While home computers have always maintained the upper hand when it comes to online shopping, mobile devices are quickly overtaking them as the dominant ecommerce platform.
According to figures released last month by IMRG, mobile sales accounted for 51 percent of all UK online sales during the 2015 holiday season. As mobile’s domination of ecommerce becomes increasingly solidified, merchants need to be sure they’re doing all that they can to stay ahead of the curve.
The Current Mobile Commerce Market
Q4 2015 saw mobile overtake home computers for the first time, with desktops and laptops accounting for 49 percent of sales, while tablets represented 33 percent. Smartphones lagged behind with just 18 percent of sales, but that is changing quickly.
As explained in the report, the number of smartphone sales during that period nearly doubled over the previous year, growing at a rate seven times that of tablets. What this suggests is that, while tablet sales may be leveling off, smartphones will continue to grow dramatically and capture more and more of the market, likely becoming the preferred shopping device before long.
The same trend is present in most parts of the world as well. For example, U.S.-based retailer Walmart reports that over 70 percent of its site’s traffic comes via mobile devices, and half of the company’s sales in the last week of November were mobile. Amazon saw similar figures, with about 70 percent of its customers using mobile devices.
Despite this, some merchants continue to take a dismissive attitude toward mobile ecommerce. A study conducted back in November suggested that 1 in 5 merchants didn’t even believe measuring mobile sales was important.
Now, more than ever, it’s essential for merchants to not just embrace mobile, but to do so wisely.
Poor Mobile Optimization Kills Conversion
There may be some anxiety about mobile technology among merchants, owing to the platform’s famously high rate of shopping cart abandonment (still well above 90 percent). However, that anxiety and refusal to embrace the platform is what’s largely responsible for mobile’s atrocious conversion rates.
Some of the most common reasons why mobile shopping carts are abandoned include:
- The website, shopping cart, or checkout process is awkward or difficult to navigate using a mobile device.
- Checkout is not seamless—order details are not saved if the customer has to leave the page.
- The process takes too long—mobile users are often on-the-go or in a hurry.
In order to turn those conversion rates around, merchants need to come to terms with mobile’s growing role in ecommerce. By continuing to ignore the problem, it will only keep getting worse as mobile shopping becomes increasingly dominant.
Reducing shopping cart abandonment is largely a matter of reducing friction. For merchants who experience overwhelmingly high rates of cart abandonment with mobile shoppers, these quick tips could work wonders:
- Make your payment form quick and easy, with as few required fields as is necessary to guarantee security.
- Auto-populate fields whenever possible.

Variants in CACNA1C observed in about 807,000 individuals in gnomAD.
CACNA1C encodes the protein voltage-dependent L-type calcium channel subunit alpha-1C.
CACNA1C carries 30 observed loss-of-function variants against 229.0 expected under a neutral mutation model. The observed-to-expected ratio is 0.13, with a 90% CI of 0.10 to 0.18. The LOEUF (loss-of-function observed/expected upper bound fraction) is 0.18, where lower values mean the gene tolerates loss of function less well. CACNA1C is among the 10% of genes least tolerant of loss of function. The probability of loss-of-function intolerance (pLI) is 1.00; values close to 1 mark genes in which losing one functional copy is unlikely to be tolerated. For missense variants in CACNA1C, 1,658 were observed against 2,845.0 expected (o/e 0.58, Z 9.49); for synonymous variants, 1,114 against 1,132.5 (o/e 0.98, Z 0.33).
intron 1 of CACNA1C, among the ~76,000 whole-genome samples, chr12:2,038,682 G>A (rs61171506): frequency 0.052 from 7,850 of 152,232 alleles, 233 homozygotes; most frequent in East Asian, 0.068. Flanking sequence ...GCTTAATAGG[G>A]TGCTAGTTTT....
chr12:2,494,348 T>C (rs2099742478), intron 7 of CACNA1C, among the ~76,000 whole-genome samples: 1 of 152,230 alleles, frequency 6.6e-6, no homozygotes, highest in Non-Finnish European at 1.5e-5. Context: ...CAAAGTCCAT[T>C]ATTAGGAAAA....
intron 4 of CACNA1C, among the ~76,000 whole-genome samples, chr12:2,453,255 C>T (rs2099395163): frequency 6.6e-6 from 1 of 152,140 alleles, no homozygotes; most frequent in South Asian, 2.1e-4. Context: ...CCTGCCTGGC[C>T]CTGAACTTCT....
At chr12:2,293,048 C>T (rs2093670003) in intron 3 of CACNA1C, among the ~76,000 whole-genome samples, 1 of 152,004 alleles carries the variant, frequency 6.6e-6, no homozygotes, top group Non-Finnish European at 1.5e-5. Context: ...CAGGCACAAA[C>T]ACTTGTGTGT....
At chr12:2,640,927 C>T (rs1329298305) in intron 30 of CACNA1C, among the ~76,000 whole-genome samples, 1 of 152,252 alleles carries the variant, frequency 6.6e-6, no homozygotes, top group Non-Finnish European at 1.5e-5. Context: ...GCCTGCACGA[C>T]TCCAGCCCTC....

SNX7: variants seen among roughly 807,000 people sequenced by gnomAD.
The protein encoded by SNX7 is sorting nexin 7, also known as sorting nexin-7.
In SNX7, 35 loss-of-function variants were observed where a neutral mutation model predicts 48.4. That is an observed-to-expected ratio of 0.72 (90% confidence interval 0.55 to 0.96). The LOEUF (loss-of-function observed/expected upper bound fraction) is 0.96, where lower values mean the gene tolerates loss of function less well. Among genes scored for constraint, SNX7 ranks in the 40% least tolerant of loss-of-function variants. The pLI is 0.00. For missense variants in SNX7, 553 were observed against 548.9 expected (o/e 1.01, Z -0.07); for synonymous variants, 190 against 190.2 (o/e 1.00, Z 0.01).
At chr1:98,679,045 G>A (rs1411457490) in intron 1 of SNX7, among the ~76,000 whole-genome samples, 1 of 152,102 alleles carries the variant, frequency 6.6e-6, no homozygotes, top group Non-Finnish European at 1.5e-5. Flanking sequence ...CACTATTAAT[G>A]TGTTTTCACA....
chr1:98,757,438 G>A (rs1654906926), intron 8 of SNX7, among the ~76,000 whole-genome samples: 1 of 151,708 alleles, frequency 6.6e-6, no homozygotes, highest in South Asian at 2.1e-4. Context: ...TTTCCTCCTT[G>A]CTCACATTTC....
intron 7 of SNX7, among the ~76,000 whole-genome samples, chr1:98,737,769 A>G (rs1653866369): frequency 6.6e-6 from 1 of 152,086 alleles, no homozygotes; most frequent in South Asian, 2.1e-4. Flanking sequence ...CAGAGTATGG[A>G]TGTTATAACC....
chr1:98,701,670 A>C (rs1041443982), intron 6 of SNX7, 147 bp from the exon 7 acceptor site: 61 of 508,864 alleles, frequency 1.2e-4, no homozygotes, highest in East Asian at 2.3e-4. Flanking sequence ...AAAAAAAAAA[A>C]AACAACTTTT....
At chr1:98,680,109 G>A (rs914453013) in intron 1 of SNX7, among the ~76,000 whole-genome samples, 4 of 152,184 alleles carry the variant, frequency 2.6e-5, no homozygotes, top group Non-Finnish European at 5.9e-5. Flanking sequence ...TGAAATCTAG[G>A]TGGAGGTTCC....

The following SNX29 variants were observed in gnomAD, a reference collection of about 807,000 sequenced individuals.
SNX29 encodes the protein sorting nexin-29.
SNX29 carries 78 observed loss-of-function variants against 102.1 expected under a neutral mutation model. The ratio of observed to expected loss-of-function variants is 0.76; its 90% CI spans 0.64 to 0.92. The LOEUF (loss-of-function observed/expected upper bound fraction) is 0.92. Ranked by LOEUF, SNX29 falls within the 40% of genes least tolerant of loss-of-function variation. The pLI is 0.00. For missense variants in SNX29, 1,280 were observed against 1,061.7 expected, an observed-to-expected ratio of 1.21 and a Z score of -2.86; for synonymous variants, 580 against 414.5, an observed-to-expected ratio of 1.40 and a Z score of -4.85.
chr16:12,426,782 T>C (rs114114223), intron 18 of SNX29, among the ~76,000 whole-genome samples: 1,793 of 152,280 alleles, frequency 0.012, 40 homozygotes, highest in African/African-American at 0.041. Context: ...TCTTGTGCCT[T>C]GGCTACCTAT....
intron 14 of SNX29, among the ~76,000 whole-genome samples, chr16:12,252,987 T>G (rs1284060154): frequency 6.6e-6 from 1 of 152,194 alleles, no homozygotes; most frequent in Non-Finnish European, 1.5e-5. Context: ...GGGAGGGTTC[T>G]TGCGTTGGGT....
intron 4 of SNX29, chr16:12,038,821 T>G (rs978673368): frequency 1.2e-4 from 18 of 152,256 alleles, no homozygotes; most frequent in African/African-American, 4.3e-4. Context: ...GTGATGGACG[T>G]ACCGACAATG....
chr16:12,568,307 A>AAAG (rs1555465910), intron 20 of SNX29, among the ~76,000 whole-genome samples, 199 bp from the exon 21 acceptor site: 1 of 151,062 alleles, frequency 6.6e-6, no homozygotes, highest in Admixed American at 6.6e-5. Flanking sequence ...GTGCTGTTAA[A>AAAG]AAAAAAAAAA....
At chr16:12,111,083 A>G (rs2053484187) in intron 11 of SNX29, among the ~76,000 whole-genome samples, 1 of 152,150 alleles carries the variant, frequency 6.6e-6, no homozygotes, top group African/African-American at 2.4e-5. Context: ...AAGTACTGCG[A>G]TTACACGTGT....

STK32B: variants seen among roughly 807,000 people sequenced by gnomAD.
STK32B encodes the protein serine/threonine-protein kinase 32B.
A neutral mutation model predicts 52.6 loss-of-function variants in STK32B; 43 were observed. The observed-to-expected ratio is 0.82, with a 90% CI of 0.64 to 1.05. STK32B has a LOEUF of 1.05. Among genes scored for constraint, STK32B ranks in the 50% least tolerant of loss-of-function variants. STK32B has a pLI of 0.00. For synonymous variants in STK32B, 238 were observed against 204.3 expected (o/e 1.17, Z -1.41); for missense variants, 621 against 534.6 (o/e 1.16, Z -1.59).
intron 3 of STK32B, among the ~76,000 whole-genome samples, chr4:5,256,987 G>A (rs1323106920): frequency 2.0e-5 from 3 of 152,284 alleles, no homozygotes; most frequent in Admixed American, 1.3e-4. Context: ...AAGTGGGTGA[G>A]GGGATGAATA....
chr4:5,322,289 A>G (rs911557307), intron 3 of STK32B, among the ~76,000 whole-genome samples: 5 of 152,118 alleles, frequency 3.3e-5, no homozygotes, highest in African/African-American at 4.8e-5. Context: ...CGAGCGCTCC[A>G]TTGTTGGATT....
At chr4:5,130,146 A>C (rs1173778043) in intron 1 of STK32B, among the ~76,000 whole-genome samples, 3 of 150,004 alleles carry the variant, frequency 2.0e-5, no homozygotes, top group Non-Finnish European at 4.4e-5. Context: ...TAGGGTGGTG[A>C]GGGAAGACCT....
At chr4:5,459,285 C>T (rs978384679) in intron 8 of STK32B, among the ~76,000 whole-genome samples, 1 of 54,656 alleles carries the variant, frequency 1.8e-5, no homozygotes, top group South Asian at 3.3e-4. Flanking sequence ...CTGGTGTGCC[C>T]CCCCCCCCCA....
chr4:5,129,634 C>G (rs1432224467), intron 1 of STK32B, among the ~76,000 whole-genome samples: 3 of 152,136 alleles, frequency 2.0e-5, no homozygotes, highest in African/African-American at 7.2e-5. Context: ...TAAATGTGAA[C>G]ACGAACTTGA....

- Don’t force shoppers to create an account, as it creates extra barriers between yourself and your customers. Instead, try and capture emails early in the checkout process, then send an email later to try and recover the sale.
- Simply ask for the ZIP code, then auto-populate the city and state.
- Design fields and buttons that are big enough to accommodate “fat fingers.”
Mobile Technology and Fraud
When it comes to making fraudulent purchases, fraudsters will naturally gravitate toward the path of least resistance. Card-not-present fraud, especially since the EMV liability shift took hold in the U.S. last October, is now much easier to perpetrate than card-present fraud.
Every dollar in fraudulent transactions ultimately costs merchants $3.34 due to fees, lost merchandise and revenue. With mobile on the rise, merchants who do not give any thought to fraud stemming from mobile technology are putting themselves at serious risk.
Friendly fraud, in particular, is a risk factor for mobile devices. For example, consider how often kids are able to access their parents’ phones or tablets. If a parent has payment information saved on his or her device, kids can easily make unauthorized purchases, for which the parent will probably later request a chargeback.
Customers will also often shop using public WiFi networks, leaving them more vulnerable to fraudsters looking to intercept cardholder information.
With all of these various, very real fraud risks, merchants need to be diligent about putting measures in place to deter criminal fraud, as well as differentiating between criminal and friendly fraud.
Balancing Mobile Risks and Rewards
Merchants need to understand that mobile shopping is no longer something they can simply ignore or treat as a niche element of the ecommerce environment. Sellers would be foolish to allow all of those potential customers to slip through the cracks as a result of poor website optimization.
At the same time, capitalizing on the rising tide of mobile shopping will require careful, responsible risk management, or else merchants can expect an m-commerce fraud nightmare.
Mobile technology is not going anywhere, so merchants will have no choice but to adapt to the times.
Photo by patrisyu/FreeDigitalPhotos.net
Monica Eaton-Cardone is co-founder and COO of Chargebacks911.com.